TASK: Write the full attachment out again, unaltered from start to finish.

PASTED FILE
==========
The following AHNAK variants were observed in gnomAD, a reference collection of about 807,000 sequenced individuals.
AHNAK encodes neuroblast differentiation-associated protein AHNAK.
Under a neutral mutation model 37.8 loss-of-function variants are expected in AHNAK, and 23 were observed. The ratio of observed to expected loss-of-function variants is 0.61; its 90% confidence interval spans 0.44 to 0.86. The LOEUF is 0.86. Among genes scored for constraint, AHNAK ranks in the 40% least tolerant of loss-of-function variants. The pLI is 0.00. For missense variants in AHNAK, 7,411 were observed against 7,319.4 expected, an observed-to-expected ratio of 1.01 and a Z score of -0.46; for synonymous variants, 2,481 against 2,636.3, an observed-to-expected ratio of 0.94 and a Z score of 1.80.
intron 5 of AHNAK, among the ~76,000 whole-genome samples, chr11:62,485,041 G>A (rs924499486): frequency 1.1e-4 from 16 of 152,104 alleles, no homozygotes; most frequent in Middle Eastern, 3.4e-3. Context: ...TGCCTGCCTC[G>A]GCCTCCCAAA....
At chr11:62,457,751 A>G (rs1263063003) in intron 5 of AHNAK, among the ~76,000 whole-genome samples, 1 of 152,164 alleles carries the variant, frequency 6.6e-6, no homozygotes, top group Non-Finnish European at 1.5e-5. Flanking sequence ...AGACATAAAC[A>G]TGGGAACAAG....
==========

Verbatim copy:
The following AHNAK variants were observed in gnomAD, a reference collection of about 807,000 sequenced individuals.
AHNAK encodes neuroblast differentiation-associated protein AHNAK.
Under a neutral mutation model 37.8 loss-of-function variants are expected in AHNAK, and 23 were observed. The ratio of observed to expected loss-of-function variants is 0.61; its 90% confidence interval spans 0.44 to 0.86. The LOEUF is 0.86. Among genes scored for constraint, AHNAK ranks in the 40% least tolerant of loss-of-function variants. The pLI is 0.00. For missense variants in AHNAK, 7,411 were observed against 7,319.4 expected, an observed-to-expected ratio of 1.01 and a Z score of -0.46; for synonymous variants, 2,481 against 2,636.3, an observed-to-expected ratio of 0.94 and a Z score of 1.80.
intron 5 of AHNAK, among the ~76,000 whole-genome samples, chr11:62,485,041 G>A (rs924499486): frequency 1.1e-4 from 16 of 152,104 alleles, no homozygotes; most frequent in Middle Eastern, 3.4e-3. Context: ...TGCCTGCCTC[G>A]GCCTCCCAAA....
At chr11:62,457,751 A>G (rs1263063003) in intron 5 of AHNAK, among the ~76,000 whole-genome samples, 1 of 152,164 alleles carries the variant, frequency 6.6e-6, no homozygotes, top group Non-Finnish European at 1.5e-5. Flanking sequence ...AGACATAAAC[A>G]TGGGAACAAG....